Haywood and his associates declare that they welcome this trial because it will give them the opportunity to prove their innocence beyond doubt. The issue will be contested to the utmost limits of the law. The case against Haywood is admittedly the strongest that the prosecution has. Should this fail, it is likely that the proceedings against Moyer and Pettibone will be dropped. The State is represented by an array of eminent counsel. So is the defendant Haywood, and a great defence fund has been raised among labor organizations through out the United States. It is known to run well up into the hundreds of thousands of dollars, and some estimates place it as high as $1,000,000.
The facts directly connected with the arrest of the three chiefs of the Federation are these: Frank Steunenberg, former Governor of Idaho, had been followed and watched for months by Harry Orchard, who sought to assassinate him. Twice Orchard tried to shoot his victim, but failed. One of these times was arranged, with diabolical ingenuity, for Christmas Eve, but as he was walking home that night with his son and his brother the plan miscarried. Then Orchard planted a bomb under the back gate of his victim’s home. At six o’clock on the evening of December 30, 1905, Steunenberg started for home. Orchard, who had been on watch for hours, stealthily hurried ahead of him by another route. Waiting on the corner, the assassin saw the object of his vengeance approach. Even in the gloomy dusk there could be no mistaking that gigantic figure.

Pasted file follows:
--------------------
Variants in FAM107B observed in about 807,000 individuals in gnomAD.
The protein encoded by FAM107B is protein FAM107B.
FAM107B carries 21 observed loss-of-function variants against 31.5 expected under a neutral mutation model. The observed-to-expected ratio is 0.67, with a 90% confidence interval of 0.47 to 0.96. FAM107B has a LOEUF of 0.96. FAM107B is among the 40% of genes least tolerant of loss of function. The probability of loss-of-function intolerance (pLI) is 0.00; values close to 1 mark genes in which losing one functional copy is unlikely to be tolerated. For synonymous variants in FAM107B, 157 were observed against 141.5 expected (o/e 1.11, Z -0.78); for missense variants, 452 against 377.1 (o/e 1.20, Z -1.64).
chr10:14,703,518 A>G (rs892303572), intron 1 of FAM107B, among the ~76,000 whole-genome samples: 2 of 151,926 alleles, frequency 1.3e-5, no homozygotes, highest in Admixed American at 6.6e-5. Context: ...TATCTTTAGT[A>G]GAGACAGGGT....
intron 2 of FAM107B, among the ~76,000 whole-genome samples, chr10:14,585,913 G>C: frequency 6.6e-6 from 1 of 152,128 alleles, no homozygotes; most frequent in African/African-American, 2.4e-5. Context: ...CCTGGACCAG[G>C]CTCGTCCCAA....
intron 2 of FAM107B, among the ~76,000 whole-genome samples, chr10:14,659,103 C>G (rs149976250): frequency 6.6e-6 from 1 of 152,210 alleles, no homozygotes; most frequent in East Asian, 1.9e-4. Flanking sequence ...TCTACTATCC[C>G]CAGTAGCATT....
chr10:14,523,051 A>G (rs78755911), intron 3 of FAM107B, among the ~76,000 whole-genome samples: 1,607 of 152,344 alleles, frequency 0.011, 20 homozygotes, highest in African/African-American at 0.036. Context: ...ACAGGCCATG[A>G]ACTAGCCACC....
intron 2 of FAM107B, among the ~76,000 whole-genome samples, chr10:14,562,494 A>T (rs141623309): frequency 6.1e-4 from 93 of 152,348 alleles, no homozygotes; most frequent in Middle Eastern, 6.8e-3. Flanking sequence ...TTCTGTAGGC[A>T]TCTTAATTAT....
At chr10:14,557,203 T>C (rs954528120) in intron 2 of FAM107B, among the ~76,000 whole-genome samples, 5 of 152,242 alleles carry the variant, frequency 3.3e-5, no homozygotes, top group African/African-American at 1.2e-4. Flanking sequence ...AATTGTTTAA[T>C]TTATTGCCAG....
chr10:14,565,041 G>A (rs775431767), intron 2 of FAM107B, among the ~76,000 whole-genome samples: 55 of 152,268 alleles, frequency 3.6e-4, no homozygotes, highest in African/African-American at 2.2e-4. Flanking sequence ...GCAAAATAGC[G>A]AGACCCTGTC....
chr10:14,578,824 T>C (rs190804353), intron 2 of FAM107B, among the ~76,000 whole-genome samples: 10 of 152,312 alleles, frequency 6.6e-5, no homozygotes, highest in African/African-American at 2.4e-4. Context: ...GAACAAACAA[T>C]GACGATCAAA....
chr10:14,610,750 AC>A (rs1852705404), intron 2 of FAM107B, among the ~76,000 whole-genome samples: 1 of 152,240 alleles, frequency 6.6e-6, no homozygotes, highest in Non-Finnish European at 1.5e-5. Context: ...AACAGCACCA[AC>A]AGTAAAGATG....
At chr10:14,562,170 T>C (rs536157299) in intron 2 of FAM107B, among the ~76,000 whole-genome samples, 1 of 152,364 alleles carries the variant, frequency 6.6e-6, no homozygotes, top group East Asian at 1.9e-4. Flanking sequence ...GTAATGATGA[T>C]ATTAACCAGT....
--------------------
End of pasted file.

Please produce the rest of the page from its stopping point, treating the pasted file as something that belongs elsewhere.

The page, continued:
Orchard hurried along. At the Steunenberg gate he dropped an open newspaper. Stooping to pick it up, he quickly fastened to the gate the wire which led underground to a bottle of sulphuric acid inside the bomb. Orchard walked briskly away to a safe distance and turned to watch. Steunenberg pushed open the gate, the tug of the wire broke the bottle of sulphuric acid and set off the bomb. The explosion killed Steunenberg, tore him to pieces.
James McParland, an old detective who first gained fame by patient and fearless investigation which led to the hanging of eleven leaders of the Molly Maguires, a secret organization that murdered by wholesale and spread terror through the coal regions of Pennsylvania, was called out to Idaho and put to work on the case. He followed the same plan he had used in the Molly Maguire cases thirty years ago—went to work as a miner and learned of the Inner Circle in the Western Federation of Miners. When the time came to strike he had Orchard arrested, kept in solitary confinement with “plenty of food and good cigars, but with nothing to read and no one to talk with him.